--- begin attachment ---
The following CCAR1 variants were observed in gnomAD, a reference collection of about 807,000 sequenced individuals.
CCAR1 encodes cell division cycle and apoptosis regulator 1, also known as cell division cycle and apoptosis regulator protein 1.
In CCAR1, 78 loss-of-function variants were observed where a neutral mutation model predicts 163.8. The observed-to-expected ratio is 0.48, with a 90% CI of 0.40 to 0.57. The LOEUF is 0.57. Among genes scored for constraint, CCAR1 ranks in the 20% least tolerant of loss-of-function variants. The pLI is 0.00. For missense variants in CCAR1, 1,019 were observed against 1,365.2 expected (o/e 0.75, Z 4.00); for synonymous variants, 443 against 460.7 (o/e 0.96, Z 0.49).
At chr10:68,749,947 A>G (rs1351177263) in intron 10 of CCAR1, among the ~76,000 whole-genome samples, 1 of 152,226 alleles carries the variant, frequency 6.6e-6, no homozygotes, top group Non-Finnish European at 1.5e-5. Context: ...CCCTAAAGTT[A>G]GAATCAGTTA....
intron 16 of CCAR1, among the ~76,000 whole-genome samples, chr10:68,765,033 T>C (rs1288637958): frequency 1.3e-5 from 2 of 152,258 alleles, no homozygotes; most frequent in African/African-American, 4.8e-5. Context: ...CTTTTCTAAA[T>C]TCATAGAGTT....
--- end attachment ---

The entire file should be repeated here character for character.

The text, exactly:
The following CCAR1 variants were observed in gnomAD, a reference collection of about 807,000 sequenced individuals.
CCAR1 encodes cell division cycle and apoptosis regulator 1, also known as cell division cycle and apoptosis regulator protein 1.
In CCAR1, 78 loss-of-function variants were observed where a neutral mutation model predicts 163.8. The observed-to-expected ratio is 0.48, with a 90% CI of 0.40 to 0.57. The LOEUF is 0.57. Among genes scored for constraint, CCAR1 ranks in the 20% least tolerant of loss-of-function variants. The pLI is 0.00. For missense variants in CCAR1, 1,019 were observed against 1,365.2 expected (o/e 0.75, Z 4.00); for synonymous variants, 443 against 460.7 (o/e 0.96, Z 0.49).
At chr10:68,749,947 A>G (rs1351177263) in intron 10 of CCAR1, among the ~76,000 whole-genome samples, 1 of 152,226 alleles carries the variant, frequency 6.6e-6, no homozygotes, top group Non-Finnish European at 1.5e-5. Context: ...CCCTAAAGTT[A>G]GAATCAGTTA....
intron 16 of CCAR1, among the ~76,000 whole-genome samples, chr10:68,765,033 T>C (rs1288637958): frequency 1.3e-5 from 2 of 152,258 alleles, no homozygotes; most frequent in African/African-American, 4.8e-5. Context: ...CTTTTCTAAA[T>C]TCATAGAGTT....